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Summary:

There were such high hopes for the Motorola (NYSE: MMI) Xoom when it was first unveiled at the beginning of this year: meticulously crafted,…

Motorola Xoom has many features, including dual cameras, video editing software and built-in apps.
photo: Motorola

There were such high hopes for the Motorola (NYSE: MMI) Xoom when it was first unveiled at the beginning of this year: meticulously crafted, souped up with new features and… selling for the princely sum of $799. Up against the best-selling iPad, so full of content and almost half the price for the cheapest model if you bought it without subsidies, the Xoom was bound to be a sales disappointment. Motorola has been trying to make amends on that, selling progressively less expensive versions of the device, with this week seeing the latest installment in that strategy: a version of the tablet selling for $379.

The new Xoom, which is initially being sold by Best Buy, is being marketed as a “family tablet” now. It is effectively the WiFi-only version of the Xoom that first went on sale in March, but now with only 16GB of memory. Eventually the price of the Family Xoom will rise to $399, according to the WSJ.

That WiFi version, with 32GB of memory, is selling for $499, which is also the entry-level price for the iPad.

But although this is clearly a discount on the past device, has the boat zoomed away now for the Xoom?

With the pared-down Kindle Fire from Amazon (NSDQ: AMZN) now hitting the market at $199, other tablet makers, such as RIM (NSDQ: RIMM), have been aggressively discounting their tablets, but it has been with an unclear strategy as to how to really pick up sales: a device that has not ignited the public at one price point is not necessarily going to do it at one $100 or $200 lower.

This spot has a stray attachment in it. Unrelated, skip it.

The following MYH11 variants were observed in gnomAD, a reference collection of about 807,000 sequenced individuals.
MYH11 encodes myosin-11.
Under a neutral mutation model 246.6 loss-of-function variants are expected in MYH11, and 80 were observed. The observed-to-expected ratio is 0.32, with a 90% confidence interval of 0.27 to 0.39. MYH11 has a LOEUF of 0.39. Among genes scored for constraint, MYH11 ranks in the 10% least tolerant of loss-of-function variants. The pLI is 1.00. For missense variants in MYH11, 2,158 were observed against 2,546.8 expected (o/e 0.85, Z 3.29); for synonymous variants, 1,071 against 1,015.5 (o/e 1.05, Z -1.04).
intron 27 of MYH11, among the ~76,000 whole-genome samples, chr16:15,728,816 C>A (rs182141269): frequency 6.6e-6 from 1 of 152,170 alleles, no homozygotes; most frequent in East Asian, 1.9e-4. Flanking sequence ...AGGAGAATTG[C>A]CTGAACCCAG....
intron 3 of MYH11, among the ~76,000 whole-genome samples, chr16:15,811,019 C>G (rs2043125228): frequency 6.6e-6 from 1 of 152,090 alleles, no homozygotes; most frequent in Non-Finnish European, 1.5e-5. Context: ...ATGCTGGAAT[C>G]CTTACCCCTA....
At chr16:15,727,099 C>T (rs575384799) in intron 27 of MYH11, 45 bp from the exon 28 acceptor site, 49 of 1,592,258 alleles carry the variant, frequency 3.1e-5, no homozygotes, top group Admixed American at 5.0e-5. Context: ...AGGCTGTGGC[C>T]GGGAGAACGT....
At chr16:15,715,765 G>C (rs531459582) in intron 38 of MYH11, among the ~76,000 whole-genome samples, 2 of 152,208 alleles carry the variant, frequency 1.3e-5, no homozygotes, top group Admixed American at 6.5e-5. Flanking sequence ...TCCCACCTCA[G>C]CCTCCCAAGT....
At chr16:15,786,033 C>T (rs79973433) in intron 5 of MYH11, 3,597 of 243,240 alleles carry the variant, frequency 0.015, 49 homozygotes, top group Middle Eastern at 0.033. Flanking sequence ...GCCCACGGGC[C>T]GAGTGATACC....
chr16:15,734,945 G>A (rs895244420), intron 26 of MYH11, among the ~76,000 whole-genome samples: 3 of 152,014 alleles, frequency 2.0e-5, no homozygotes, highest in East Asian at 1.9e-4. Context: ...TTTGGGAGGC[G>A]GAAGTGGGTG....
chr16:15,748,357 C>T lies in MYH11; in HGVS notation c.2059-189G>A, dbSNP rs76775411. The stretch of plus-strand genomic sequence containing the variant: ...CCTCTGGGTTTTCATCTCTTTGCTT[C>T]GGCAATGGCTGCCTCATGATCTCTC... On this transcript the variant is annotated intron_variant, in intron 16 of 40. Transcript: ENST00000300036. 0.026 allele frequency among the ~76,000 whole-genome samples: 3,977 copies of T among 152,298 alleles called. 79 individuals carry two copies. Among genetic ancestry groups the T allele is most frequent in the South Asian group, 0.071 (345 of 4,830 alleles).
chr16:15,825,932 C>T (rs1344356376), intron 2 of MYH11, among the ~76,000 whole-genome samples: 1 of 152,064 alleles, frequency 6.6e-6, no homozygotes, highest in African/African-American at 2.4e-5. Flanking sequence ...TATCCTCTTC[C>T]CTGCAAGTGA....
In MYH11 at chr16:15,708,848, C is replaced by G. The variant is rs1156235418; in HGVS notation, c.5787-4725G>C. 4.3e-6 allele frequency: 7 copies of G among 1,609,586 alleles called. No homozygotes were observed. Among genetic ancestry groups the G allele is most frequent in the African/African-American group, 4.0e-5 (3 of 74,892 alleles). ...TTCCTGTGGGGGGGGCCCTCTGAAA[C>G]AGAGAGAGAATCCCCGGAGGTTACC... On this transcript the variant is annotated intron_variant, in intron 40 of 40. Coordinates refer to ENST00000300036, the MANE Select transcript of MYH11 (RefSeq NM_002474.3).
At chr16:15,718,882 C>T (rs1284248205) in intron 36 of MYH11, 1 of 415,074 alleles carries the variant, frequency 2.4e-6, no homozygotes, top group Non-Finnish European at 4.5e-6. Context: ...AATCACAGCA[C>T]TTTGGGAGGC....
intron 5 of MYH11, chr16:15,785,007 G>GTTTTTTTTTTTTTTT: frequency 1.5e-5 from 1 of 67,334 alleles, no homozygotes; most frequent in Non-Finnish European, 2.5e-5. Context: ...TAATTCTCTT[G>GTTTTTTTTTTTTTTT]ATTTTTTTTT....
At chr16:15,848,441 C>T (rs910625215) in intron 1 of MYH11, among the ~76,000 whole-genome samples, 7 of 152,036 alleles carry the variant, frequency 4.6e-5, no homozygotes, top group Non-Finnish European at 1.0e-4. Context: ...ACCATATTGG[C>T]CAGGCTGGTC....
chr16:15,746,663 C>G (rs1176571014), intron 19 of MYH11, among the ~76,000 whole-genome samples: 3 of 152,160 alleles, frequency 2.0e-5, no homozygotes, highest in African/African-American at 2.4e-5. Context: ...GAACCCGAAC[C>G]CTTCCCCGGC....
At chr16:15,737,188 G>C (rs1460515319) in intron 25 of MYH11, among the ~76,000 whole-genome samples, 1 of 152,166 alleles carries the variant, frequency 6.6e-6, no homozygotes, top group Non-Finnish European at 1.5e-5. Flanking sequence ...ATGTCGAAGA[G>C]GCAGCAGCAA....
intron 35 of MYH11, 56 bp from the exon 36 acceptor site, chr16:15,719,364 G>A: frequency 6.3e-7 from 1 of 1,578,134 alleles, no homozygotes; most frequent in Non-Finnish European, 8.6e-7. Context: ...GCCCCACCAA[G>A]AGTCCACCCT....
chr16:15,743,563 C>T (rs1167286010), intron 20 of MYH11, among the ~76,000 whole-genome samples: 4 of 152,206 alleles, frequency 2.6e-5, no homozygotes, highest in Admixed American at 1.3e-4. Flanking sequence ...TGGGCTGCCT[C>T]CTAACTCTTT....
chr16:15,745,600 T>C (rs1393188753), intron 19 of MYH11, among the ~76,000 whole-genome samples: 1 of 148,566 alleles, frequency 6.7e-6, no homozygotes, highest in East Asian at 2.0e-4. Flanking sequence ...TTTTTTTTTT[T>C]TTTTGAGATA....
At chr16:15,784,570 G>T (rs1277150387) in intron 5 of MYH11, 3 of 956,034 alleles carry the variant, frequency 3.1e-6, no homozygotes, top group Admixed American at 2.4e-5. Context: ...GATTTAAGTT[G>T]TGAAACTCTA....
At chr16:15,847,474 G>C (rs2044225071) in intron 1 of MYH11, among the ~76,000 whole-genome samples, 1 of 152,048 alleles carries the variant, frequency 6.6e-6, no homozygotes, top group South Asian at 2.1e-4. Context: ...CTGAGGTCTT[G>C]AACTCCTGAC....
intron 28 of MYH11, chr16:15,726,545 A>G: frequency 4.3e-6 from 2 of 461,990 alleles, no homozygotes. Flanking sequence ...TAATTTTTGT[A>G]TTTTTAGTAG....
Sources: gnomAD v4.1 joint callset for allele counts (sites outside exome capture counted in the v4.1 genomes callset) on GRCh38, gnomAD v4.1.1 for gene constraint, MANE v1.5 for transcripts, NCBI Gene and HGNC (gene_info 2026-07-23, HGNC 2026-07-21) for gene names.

The only one that seems to have really captured buying demand through a discounting policy was HP (NYSE: HPQ), which, deciding it would pull out of the tablet market altogether, sold its TouchPads through a fire sale, selling the most basic devices for as low as $99.

Motorola has not gone quite that low yet; but so far its strategy has failed to produce a real competitive force against the iPad. According to its most recent figures, Motorola says that it has shipped 690,000 tablets so far this year — no word on how many of those have actually sold. We may have an update with more concrete information on October 27, when Motorola Mobility reports its Q3 earnings.

As a point of comparison, Apple (NSDQ: AAPL) will be reporting its earnings tomorrow, and analysts are guessing between 12 million and 14 million iPads will be sold.

But if you think Motorola, RIM or HP are the only ones getting their tablets discounted, think again: even Apple’s iPad can also be had for next to nothing. It has been offered free by some carriers like Softbank when users sign up to premium contracts. And in France, Orange is running a student-buying program offering the iPad for as little as €1 ($1.30).

It’s probably fair to argue that Apple would have probably cornered the market even without those special deals — although they will have certainly helped pick up the second and third tier of buyers after a good run at the early adopters, a luxury that Motorola and the others can likely only imagine.

  1. You know if everybody (except Apple, of course) had strongly discounted their tablets when they came out, and maybe have Google eat the cost, that could’ve probably drummed up sales quite a bit, similar to the TouchPad fire sale though not necessarily that extreme.  That might have then spawned more developer interest in Android tablets earlier on, which might have in turn resulted in more consumer interest.

    Now finally the Kindle Fire is here at an excellent price/performance ratio – that will probably give developers a reason to write Android apps.  A little late though.

    Basically, if Android tablets don’t succeed, it’s all Google’s fault.  :-b

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